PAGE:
h = CSA w π D [ 12 ]
where D is the diameter of the lumen, which can be determined from the circular CSA(D=[4CSA/π]1/2).

When the CSA, pressure, wall thickness, and flow data are determined according to the embodiments outlined above, it is possible to compute the compliance (e.g., ΔCSA/ΔP), tension (e.g., P*r, where P and r are the intraluminal pressure and radius of a cylindrical organ), stress (e.g., P*r/h where h is the wall thickness of the cylindrical organ), strain (e.g., (C−Cd)/Cd where C is the inner circumference and Cd is the circumference in diastole) and wall shear stress (e.g., 4 μQ/r3 where μ, Q and r are the fluid viscosity, flow rate and radius of the cylindrical organ, respectively, for a fully developed flow). These quantities can be used in assessing the mechanical characteristics of the system in health and disease.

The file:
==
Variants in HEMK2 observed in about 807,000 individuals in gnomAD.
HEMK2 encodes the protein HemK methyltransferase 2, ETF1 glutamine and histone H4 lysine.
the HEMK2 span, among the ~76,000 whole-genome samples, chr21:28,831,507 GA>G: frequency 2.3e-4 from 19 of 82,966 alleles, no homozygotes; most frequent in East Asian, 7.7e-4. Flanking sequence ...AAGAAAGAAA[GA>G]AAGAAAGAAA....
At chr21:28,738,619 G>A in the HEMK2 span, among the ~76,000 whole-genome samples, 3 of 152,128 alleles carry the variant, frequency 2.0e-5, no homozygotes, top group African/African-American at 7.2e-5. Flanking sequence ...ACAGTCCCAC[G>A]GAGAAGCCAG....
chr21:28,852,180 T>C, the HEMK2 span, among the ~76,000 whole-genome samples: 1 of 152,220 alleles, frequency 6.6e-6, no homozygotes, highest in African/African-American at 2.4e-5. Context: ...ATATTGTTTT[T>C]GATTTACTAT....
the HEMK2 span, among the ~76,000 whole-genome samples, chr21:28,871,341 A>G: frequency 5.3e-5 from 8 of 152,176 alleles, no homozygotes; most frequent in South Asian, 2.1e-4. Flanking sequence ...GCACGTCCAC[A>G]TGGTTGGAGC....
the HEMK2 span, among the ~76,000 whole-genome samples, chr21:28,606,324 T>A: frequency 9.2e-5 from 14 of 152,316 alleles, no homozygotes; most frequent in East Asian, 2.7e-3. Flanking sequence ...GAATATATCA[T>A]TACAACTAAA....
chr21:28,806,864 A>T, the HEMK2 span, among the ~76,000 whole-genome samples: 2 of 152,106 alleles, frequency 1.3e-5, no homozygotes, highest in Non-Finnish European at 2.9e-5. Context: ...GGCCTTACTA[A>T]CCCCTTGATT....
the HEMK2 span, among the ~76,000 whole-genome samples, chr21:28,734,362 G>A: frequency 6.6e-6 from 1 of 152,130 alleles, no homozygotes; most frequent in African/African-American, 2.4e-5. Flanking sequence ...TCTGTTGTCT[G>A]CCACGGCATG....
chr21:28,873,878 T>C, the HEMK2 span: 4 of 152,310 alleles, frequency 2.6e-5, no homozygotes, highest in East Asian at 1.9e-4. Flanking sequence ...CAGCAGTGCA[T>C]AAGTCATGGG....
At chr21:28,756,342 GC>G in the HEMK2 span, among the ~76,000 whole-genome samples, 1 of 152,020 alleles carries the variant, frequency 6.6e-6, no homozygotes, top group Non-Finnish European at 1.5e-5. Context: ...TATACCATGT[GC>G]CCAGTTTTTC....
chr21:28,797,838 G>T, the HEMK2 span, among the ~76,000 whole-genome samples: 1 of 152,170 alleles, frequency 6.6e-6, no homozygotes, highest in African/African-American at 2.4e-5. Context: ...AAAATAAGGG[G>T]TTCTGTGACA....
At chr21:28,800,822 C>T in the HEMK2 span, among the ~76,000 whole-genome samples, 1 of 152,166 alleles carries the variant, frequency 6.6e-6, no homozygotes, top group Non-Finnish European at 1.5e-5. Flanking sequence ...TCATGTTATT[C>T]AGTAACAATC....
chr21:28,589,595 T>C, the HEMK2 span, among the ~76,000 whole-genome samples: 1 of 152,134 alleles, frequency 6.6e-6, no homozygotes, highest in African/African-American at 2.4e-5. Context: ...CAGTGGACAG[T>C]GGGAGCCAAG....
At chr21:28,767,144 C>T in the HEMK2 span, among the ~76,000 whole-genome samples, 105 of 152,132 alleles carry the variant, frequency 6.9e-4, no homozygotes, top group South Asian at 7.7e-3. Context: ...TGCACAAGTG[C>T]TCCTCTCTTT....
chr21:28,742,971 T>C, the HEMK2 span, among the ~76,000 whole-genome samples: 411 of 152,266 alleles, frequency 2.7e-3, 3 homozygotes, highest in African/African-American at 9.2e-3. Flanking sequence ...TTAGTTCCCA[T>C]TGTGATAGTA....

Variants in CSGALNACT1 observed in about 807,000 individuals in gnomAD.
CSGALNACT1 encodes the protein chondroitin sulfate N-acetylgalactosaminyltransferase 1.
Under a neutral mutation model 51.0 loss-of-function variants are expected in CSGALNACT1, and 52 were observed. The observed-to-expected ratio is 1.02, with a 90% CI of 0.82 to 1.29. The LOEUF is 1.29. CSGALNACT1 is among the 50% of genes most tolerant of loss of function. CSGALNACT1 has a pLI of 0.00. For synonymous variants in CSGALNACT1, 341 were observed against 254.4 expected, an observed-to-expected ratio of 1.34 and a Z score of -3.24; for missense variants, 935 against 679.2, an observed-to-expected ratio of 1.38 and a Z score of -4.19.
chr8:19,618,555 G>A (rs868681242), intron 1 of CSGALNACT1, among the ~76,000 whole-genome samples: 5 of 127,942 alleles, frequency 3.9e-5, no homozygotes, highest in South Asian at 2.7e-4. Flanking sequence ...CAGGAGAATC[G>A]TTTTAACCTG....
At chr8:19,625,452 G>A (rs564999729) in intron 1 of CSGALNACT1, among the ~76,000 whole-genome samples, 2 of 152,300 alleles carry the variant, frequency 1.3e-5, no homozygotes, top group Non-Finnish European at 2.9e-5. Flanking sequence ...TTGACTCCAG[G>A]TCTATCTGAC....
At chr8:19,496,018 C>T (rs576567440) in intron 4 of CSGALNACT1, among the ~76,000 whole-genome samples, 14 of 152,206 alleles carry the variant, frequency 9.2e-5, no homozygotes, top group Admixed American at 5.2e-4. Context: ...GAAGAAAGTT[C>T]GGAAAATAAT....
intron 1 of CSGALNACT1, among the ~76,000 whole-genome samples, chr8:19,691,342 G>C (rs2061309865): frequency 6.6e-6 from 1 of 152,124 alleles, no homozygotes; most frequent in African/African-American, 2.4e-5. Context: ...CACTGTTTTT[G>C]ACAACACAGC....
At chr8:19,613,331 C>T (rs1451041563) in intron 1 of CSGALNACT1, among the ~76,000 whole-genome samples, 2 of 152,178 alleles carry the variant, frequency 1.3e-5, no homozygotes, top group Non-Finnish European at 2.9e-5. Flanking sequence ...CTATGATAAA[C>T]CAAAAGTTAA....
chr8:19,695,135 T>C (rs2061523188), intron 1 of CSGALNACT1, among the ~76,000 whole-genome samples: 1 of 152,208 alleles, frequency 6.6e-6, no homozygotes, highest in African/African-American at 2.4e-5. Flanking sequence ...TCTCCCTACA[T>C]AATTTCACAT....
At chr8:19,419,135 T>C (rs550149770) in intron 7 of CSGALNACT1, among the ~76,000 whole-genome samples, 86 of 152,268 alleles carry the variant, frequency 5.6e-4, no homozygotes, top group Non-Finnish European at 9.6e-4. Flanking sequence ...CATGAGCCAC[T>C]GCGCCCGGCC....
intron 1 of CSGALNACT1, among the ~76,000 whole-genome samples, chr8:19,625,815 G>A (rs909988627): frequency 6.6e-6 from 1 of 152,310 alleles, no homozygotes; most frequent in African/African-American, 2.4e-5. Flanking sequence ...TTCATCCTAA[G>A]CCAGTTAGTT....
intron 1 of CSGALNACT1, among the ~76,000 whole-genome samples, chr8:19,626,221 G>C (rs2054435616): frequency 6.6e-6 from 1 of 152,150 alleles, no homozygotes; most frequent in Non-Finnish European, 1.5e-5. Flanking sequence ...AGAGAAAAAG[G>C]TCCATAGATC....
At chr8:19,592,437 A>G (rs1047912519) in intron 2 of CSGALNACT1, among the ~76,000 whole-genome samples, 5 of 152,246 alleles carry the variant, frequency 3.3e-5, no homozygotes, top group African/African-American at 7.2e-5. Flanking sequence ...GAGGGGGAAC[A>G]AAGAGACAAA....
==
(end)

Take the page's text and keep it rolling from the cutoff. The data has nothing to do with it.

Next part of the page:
In at least one approach for localization or measuring the conductance (and determining the cross-sectional area) of a body lumen, a catheter is introduced from an exteriorly accessible opening (for example, the mouth, nose, or anus for GI applications, or the mouth or nose for airway applications) into the targeted body lumen. For cardiovascular applications, the catheter can be inserted into the lumens in various ways, such as, for example, those used in conventional angioplasty. In at least one embodiment, an 18 gauge needle is inserted into the femoral artery followed by an introducer. A guide wire is then inserted into the introducer and advanced into the lumen of the femoral artery. A 4 or 5 Fr. conductance catheter is then inserted into the femoral artery via wire, and the wire is subsequently retracted. The catheter tip containing the conductance electrodes can then be advanced to the region of interest by use of x-ray (e.g., fluoroscopy). In another approach, this methodology is used on small to medium size vessels (e.g., femoral, coronary, carotid, iliac arteries).